- Most bacteria reproduce through a process called binary fission. A single E. coli cell weighs in at 665 femtograms (0.000 000 000 000 001 grams). There are ten to the power of fifteen femtograms in one gram, or a quadrillion, or 1,000 trillion. Once single E. coli cell can produce 3,000 tons of bacteria in 36 hours (6 elephants). Source.
- How Spelunky Creates Amazing Unexpected Situations: I think at one point I was asked how I could possibly handle all of the cases that come up in Spelunky, like when this item hits that,” programmer of Spelunky’s 2013 remake, Andy Hull, tells me. The answer is that every object in the world has default behaviours and properties. For instance, Olmec is actually a glorified push-block. When the spiked balls in Hell are sent flying, they become boulders. The way hawk men, croc men and shopkeepers bounce around when enraged – they share the exact same movement abilities.
- This is so mature, using software to route around our blind spots. Computer Chooses Quantum Experiments: Quantum weirdness is hard for humans to grasp, so researchers wrote a program to suggest experimental setups.
- Isn't replication part of the definition of life? SRI's Micro Robots Can Now Manufacture Their Own Tools: Now that the micro robots can make their own tools, the same fleet of robots can be reconfigured to make different kinds of things. SRI has been focused on constructing strong, lightweight carbon fiber trusses with its MicroFactory, but they’ve recently started developing ways to make skins.
- Using Apache Spark to predict attack vectors among billions of users and trillions of events: In our approach, we do not only look at a single user's behavior. We put all the users together and study correlations between the users and how users link to each other, how similar are the users' actions. Nowadays, bad attackers do not have a single bad account. They usually have tens of accounts, hundreds, even millions of accounts. Using these accounts, they can do spam, they can do "likes," they do transactions. These accounts usually have high correlations among them because they're controlled by robots or controlled by trained people. For us, we look at the user-user correlation.
- Introducing Conversant Disruptor: an ultra-low-latency mechanism for communication between threads. It supports high performance network applications as well as processing offload operations.
- luebken/container-patterns: Developing container based applications is still a fairly new topic. This document tries to gather some best practices and suggests some new ideas from the community. These should be container runtime agnostic but still practical relevant with concrete examples.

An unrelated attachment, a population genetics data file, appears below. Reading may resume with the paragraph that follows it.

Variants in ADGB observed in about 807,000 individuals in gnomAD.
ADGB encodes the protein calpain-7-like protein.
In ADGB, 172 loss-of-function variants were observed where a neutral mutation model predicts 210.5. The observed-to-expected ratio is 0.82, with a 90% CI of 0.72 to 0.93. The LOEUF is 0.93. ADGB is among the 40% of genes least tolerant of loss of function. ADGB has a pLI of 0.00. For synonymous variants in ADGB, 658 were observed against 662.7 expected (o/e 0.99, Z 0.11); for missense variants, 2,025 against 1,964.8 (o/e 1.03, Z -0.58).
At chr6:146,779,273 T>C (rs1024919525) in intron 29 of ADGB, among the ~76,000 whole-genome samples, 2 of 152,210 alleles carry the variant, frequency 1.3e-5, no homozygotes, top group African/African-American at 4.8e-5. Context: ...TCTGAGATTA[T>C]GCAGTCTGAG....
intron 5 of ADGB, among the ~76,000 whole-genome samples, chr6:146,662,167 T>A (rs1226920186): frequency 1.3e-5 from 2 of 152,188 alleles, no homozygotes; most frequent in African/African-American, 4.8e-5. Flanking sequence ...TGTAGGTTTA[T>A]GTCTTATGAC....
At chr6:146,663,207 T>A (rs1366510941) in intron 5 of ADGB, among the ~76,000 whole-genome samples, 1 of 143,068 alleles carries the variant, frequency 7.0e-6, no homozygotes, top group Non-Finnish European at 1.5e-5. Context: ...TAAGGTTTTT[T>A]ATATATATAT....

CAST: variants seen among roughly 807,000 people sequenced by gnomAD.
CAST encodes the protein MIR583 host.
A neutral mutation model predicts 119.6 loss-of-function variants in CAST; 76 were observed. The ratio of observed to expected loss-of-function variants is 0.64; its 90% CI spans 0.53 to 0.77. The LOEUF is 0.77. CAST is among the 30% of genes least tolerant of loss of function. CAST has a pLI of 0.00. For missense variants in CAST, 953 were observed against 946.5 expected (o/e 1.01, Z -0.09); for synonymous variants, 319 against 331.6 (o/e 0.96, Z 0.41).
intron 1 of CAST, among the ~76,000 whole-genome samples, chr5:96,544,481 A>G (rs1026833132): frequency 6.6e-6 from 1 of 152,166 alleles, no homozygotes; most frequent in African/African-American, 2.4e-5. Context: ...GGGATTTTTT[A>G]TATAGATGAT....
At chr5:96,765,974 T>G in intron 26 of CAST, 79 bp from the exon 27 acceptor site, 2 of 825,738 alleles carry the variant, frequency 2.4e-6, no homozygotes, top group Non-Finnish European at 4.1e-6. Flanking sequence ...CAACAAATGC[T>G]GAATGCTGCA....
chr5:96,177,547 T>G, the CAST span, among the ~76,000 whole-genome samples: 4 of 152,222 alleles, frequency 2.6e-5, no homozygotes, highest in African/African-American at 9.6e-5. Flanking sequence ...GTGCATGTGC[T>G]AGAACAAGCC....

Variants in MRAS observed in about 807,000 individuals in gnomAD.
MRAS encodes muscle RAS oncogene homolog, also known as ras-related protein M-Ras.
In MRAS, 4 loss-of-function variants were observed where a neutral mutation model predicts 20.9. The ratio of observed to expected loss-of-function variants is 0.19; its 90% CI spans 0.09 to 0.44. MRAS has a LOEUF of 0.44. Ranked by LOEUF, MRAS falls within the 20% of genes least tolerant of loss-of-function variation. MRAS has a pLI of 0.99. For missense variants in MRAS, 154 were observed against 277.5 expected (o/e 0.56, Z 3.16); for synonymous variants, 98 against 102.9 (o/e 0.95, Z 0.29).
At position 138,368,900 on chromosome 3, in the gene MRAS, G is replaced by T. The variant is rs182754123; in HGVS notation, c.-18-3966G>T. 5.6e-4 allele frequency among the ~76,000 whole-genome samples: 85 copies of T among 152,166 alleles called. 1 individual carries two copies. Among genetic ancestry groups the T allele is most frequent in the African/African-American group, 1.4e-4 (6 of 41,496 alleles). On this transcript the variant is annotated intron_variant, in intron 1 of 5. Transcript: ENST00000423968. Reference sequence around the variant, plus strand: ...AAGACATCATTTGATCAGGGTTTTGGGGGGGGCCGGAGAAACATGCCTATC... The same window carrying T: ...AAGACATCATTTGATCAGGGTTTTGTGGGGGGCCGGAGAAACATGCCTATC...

- Efficient State-based CRDTs by Delta-Mutation: We introduce Delta State Conflict-Free Replicated Datatypes (δ-CRDT), which make use of δ-mutators, defined in such a way to return a deltastate, typically, with a much smaller size than the full state. Delta-states are joined to the local state as well as to the remote states (after being shipped). This can achieve the best of both worlds: small messages with an incremental nature, as in operation-based CRDTs, disseminated over unreliable communication channels, as in traditional state-based CRDTs.
- CryptoNets: Applying Neural Networks to Encrypted Data with High Throughput and Accuracy: By using a technique known as homomorphic encryption, it’s possible to perform operations on encrypted data, producing an encrypted result, and then decrypt the result to give back the desired answer. By combining homomorphic encryption with a specially designed neural network that can operate within the constraints of the operations supported, the authors of CryptoNet are able to build an end-to-end system whereby a client can encrypt their data, send it to a cloud service that makes a prediction based on that data – all the while having no idea what the data means, or what the output prediction means – and return an encrypted prediction to the client which can then decrypt it to recover the prediction.
- BlinkDB: Queries with Bounded Errors and Bounded Response Times on Very Large Data: BlinkDB allows users to trade off query accuracy for response time, enabling interactive queries over massive data by running queries on data samples and presenting results annotated with meaningful error bars. To achieve this, BlinkDB uses two key ideas: (1) an adaptive optimization framework that builds and maintains a set of multi-dimensional stratied samples from original data over time, and (2) a dynamic sample selection strategy that selects an appropriately sized sample based on a query’s accuracy orresponse time requirements.
- Design Rules, Vol. 1: The Power of Modularity: They argue that the industry has experienced previously unimaginable levels of innovation and growth because it embraced the concept of modularity, building complex products from smaller subsystems that can be designed independently yet function together as a whole. Modularity freed designers to experiment with different approaches, as long as they obeyed the established design rules.